What is the significance of urethral catheterization in the emergent management of pediatric patients with fever?

Updated: Jul 23, 2019
  • Author: Hina Z Ghory, MD; Chief Editor: Russell W Steele, MD  more...
  • Print


In particular, clinicians should have a lower threshold for UTI screening for white girls; in 2 separate studies, UTI rates were as high as 17% in this group. [91, 92]

Urethral catheterization is the method of choice to obtain urine to avoid contamination with skin flora. Urine collected in a bag placed on the perineum is often contaminated and should not be evaluated for bacterial culture. [93, 94] Suprapubic aspiration of the bladder for urine should be discouraged. Urethral catheterization is less invasive and less painful and is associated with a higher yield of urine.

An enhanced UA, with a hemocytometer cell count and Gram stain of unspun urine, is more sensitive than a standard UA. [97] Since negative urine dipstick or UA results in febrile young children do not always exclude UTI, urine cultures should be performed regardless of UA results. [24, 89] In bacteremic children with UTI, blood cultures and urine cultures are likely to have identical organisms with identical antimicrobial sensitivities. [98]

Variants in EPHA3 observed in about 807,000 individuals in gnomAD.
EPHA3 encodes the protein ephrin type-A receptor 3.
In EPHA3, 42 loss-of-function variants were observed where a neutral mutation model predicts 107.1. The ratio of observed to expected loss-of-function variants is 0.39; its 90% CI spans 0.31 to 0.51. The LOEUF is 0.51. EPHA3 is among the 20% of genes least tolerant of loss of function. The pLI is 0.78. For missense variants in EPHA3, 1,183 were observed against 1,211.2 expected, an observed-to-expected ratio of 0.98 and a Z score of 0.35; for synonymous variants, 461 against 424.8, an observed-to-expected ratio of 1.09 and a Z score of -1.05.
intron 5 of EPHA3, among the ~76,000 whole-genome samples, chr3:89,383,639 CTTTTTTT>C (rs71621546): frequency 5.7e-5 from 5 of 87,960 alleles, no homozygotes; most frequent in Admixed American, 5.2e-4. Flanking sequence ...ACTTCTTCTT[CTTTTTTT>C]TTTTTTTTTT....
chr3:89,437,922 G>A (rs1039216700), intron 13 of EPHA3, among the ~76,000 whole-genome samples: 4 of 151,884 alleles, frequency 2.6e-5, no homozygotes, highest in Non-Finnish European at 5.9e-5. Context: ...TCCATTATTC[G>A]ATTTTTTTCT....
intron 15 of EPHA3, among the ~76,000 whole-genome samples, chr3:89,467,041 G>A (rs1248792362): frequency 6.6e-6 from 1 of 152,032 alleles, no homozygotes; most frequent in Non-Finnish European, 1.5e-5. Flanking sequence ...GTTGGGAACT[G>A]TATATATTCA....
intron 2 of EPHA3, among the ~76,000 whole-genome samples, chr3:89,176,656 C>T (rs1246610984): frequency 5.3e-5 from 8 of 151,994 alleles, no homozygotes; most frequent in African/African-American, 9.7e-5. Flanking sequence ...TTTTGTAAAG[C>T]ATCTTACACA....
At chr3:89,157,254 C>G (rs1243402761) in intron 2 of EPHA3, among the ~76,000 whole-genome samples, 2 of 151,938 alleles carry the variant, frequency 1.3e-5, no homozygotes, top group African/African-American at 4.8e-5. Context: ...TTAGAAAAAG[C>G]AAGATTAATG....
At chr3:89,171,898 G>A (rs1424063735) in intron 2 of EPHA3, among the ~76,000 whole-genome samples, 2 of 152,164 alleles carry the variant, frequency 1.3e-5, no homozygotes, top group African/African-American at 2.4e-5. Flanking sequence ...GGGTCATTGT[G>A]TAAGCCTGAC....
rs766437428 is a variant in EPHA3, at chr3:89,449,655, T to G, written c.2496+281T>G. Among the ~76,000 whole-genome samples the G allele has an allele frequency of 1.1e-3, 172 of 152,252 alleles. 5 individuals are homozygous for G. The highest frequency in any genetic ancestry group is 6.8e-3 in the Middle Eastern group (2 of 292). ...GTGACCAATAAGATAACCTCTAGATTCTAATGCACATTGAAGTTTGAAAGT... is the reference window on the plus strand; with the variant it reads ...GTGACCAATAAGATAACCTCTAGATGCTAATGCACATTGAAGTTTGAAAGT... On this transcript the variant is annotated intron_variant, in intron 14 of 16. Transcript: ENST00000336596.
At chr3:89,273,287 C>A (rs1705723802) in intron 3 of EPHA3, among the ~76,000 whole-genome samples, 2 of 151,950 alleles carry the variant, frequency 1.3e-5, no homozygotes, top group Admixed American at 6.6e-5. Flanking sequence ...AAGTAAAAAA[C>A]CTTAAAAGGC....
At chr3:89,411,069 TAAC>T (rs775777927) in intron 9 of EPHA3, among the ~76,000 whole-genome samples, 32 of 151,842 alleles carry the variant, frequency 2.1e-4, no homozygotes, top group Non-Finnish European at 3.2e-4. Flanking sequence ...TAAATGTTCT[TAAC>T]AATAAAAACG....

A retrospective study by Shaikh et al that included 482 children younger than 6 years old with a first or second UTI found that renal scarring was associated with a delay in the initiation of antimicrobial therapy. 35 children (7.2%) developed new renal scaring and the median duration of fever before initiation of antibiotic therapy in the group with renal scaring was 72 hours compared to 48 hours in children with no renal scarring. [100, 101]

Did this answer your question?
Additional feedback? (Optional)
Thank you for your feedback!